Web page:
While visiting Cleveland the activity that least appealed to me on my itinerary was a stop at the Cleveland Velodrome. It turned out to be the surprise of the trip and one that was a lot more of an adventure than I thought.
I drove through block after block of city streets and some run down areas in search of the track. I thought sure I was lost. When the voice on my map app said my location was on my left, I was pleasantly surprised to see a sign for the Cleveland Velodrome. Tucked away in the far corner of an empty plot of land rose an oval cycling track.
I parked the car and entered the track. I walked down into the infield and introduced myself to Gary Burkholder. There was a 101 class in session that I was a little late to. Gary got me quickly fitted up with a bike and helmet and gave me a brief intro to riding a gearless bike.
The most important lesson is how to stop. With these bikes you simply pedal backward and this motion stops the bike pretty quickly. I got on the bike, and we tooled around the cement portion of the infield just to get used to the balance.
I started listening to the trainer talking to the 101 class. They practiced getting on and off the track from the apron. The apron is the blue wooden plank that bridges the track to the cement. You pedal around the center of the apron until your speed is sufficient and then you look behind you to make sure there is no traffic and then angle yourself on to the track.
Speed is king when cycling the Velodrome. If you do not have enough speed the balance of the bike will seem shaky. Common sense and your natural instincts tend to want to go slow on something you are learning and unaccustomed to. If you follow this route, you will have a hard time staying on the track especially the higher up on the incline you go.
They had us do several drills over and over again to get us used to entering and departing the track and how to sit on the bike while riding the turns. You need to angle the bike away from the turn or you have the danger of hitting your pedal on the incline of the wall.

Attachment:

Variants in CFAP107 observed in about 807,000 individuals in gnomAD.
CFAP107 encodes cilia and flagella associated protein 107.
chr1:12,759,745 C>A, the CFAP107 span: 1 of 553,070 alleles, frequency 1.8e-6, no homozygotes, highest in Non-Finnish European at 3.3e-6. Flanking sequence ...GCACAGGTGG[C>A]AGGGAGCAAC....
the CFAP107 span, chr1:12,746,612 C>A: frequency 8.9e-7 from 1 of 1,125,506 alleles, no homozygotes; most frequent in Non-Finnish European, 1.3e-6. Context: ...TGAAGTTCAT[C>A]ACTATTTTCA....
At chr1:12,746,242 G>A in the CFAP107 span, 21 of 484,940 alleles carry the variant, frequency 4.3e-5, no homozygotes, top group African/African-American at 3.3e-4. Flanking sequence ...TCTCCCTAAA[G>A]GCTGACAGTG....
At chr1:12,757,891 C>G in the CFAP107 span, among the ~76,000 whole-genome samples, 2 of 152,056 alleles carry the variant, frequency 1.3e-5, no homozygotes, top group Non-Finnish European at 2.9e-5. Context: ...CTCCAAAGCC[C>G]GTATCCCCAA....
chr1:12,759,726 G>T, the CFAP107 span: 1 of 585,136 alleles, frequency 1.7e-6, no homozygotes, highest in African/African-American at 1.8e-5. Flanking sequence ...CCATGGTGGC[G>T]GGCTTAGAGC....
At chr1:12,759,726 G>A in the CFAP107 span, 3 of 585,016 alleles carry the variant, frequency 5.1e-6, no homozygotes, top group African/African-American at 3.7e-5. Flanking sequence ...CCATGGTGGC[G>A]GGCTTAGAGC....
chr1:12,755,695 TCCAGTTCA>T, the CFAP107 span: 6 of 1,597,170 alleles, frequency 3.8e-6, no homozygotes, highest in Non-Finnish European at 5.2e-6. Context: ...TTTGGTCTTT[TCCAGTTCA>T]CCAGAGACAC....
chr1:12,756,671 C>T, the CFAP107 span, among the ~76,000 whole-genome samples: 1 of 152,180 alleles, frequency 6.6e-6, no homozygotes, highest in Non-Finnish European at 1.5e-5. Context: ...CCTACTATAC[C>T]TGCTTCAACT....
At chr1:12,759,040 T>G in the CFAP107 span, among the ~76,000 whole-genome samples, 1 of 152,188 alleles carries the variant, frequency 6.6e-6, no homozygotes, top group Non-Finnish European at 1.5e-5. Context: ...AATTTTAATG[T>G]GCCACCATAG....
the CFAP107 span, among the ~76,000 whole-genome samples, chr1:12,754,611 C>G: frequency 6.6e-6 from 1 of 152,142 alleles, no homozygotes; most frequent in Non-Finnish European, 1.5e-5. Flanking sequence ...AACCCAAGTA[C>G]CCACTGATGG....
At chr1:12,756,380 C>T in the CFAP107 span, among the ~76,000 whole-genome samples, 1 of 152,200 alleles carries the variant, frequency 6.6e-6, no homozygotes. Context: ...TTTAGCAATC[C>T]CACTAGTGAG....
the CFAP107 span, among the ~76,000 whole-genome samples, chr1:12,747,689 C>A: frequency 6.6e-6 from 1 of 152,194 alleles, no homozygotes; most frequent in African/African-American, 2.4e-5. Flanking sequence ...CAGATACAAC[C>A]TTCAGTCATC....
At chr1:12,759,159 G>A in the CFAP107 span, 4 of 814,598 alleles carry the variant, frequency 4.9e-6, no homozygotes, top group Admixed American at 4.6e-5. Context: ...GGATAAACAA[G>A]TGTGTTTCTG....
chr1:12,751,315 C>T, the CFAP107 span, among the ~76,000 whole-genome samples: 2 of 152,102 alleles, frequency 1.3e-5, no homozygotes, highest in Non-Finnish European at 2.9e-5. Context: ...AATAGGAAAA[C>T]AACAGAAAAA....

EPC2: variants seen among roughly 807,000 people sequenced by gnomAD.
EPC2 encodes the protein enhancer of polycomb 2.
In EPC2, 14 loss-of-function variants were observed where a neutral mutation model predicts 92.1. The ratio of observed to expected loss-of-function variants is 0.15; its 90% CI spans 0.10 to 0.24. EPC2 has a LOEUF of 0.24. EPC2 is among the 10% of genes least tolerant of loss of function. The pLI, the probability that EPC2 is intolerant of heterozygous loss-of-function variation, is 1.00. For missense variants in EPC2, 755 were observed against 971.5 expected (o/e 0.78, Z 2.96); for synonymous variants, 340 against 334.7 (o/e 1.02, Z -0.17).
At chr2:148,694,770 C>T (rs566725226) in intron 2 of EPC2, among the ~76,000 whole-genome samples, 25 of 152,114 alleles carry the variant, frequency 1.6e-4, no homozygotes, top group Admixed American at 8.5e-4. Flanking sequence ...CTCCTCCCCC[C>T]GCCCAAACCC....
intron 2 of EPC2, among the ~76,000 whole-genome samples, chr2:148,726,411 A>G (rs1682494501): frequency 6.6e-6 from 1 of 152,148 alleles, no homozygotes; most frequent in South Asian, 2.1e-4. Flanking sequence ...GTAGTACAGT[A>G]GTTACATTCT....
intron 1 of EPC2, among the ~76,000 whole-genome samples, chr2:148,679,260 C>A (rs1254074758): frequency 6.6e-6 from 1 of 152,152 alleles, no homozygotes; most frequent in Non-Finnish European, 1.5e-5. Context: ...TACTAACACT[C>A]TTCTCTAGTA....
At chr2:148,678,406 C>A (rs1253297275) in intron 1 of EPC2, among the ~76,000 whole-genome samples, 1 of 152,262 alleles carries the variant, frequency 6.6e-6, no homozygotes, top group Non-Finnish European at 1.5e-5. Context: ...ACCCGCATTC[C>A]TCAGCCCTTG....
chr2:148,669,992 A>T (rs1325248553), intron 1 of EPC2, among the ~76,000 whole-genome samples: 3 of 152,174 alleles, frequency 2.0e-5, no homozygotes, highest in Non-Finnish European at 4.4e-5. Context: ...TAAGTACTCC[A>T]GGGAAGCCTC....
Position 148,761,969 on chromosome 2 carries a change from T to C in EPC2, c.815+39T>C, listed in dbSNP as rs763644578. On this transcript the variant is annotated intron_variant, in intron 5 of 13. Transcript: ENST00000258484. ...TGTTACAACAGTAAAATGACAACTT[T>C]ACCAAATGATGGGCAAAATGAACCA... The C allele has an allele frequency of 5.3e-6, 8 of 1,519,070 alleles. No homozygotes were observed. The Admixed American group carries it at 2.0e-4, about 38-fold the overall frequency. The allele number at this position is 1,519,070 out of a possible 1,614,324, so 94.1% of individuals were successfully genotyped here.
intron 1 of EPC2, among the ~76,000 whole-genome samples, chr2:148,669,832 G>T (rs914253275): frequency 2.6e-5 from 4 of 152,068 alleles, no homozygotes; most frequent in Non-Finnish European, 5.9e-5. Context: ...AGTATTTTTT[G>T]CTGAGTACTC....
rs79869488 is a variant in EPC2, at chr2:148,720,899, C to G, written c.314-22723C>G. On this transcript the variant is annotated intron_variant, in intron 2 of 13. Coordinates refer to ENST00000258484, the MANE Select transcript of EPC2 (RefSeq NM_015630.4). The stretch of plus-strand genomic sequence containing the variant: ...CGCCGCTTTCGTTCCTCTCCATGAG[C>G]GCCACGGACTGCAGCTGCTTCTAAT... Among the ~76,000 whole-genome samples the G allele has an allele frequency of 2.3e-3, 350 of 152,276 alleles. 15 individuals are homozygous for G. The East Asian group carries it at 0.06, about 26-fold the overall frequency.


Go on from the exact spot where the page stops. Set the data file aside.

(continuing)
We then got the opportunity to ride higher up on the wall to the red line. I watched the class do it a couple of times, and then I followed Gary. The first time I climbed up the incline on the turn I did not have enough speed and fumbled down back to the apron. If you feel you are losing control, definitely retreat down the track instead of going up.
I knew I had to go faster, so the next turn I made sure to get more speed and this time when I rose up the incline and hit the turn I was surprised at how my momentum kept me upright, and I whirled around the corner. You then descend on the straightaway and build up your speed for the next turn and rise up again. Once again I flew around the inclined turn without faltering.
It takes a couple of lessons until newbies are ready to go up to the big blue line way up on the track. I was pleased with the fact that I made it halfway up the wall. The experience was quite a thrill and similar in adrenaline to downhill skiing. I could definitely see the appeal in the sport.
I was really impressed with the passion of the people at the Velodrome not only for the sport in general but for their desire to share this love with beginners. It was obvious Gary and the instructor Brett Davis really enjoyed what they were doing. Gary’s girlfriend Anika took some pictures of me riding and she is also a rider herself. During some of the instruction she gave me more detail about what was going on and also more information on the sport.
They asked if I had ever been to the Chicago track. I had no idea there was one. I definitely want to visit and try another lesson at this adventurous and thrilling sport. My time at the Cleveland Velodrome was quite a surprise and turned out to be one of the highlights of the trip.
The Cleveland Velodrome is a 166-meter Olympic style bicycle racing track. It is the only one of its kind between the East Coast and Chicago. The Velodrome features 50 degree banking in the turns. I was surprised by how much fun and intense the activity was, and I look forward to riding again either in Cleveland or Chicago.
Thanks go out to Gary, Brett, and Anika for taking me under their wing and enthusiastically sharing their passion for the sport. A big thanks also goes out to Anika for the photos of me taken above. If you ever get a chance to try to bike on a Velodrome fast track, definitely give it a shot.
My trip to Cleveland was in part sponsored by Positively Cleveland, but in no way does this fact color how I covered my experience at the Velodrome.
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